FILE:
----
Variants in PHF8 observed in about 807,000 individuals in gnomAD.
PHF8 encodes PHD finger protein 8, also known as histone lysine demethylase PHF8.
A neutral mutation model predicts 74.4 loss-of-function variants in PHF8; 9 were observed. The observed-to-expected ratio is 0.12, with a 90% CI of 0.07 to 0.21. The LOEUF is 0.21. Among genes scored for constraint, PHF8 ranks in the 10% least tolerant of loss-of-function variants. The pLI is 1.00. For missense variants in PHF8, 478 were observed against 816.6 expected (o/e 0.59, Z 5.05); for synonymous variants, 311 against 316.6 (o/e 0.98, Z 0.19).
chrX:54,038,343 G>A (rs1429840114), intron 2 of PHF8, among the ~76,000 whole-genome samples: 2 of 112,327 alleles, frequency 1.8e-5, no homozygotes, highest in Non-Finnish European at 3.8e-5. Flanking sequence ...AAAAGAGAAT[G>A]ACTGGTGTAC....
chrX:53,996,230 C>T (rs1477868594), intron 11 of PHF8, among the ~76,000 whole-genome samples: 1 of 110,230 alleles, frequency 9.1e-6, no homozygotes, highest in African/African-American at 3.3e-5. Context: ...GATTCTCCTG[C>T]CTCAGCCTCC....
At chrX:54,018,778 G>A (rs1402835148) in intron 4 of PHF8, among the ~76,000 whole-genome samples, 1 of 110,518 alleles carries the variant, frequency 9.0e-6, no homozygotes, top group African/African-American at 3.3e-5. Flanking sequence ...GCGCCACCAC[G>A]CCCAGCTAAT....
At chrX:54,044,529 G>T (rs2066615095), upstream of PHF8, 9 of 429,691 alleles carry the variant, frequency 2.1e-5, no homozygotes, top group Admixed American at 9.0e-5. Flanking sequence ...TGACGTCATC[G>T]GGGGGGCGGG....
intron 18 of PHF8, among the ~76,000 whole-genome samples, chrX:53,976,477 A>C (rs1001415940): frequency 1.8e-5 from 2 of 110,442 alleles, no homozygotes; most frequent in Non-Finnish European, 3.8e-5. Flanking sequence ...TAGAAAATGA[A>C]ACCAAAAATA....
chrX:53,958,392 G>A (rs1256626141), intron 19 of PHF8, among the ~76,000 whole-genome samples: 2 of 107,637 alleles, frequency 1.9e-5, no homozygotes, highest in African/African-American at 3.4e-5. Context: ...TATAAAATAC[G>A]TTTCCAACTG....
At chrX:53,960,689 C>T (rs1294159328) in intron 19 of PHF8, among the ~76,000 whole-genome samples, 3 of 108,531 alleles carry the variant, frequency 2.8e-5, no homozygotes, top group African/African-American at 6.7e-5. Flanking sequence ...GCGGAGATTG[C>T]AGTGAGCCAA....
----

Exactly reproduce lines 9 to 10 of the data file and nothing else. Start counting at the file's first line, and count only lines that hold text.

chrX:53,958,392 G>A (rs1256626141), intron 19 of PHF8, among the ~76,000 whole-genome samples: 2 of 107,637 alleles, frequency 1.9e-5, no homozygotes, highest in African/African-American at 3.4e-5. Context: ...TATAAAATAC[G>A]TTTCCAACTG....
At chrX:53,960,689 C>T (rs1294159328) in intron 19 of PHF8, among the ~76,000 whole-genome samples, 3 of 108,531 alleles carry the variant, frequency 2.8e-5, no homozygotes, top group African/African-American at 6.7e-5. Flanking sequence ...GCGGAGATTG[C>T]AGTGAGCCAA....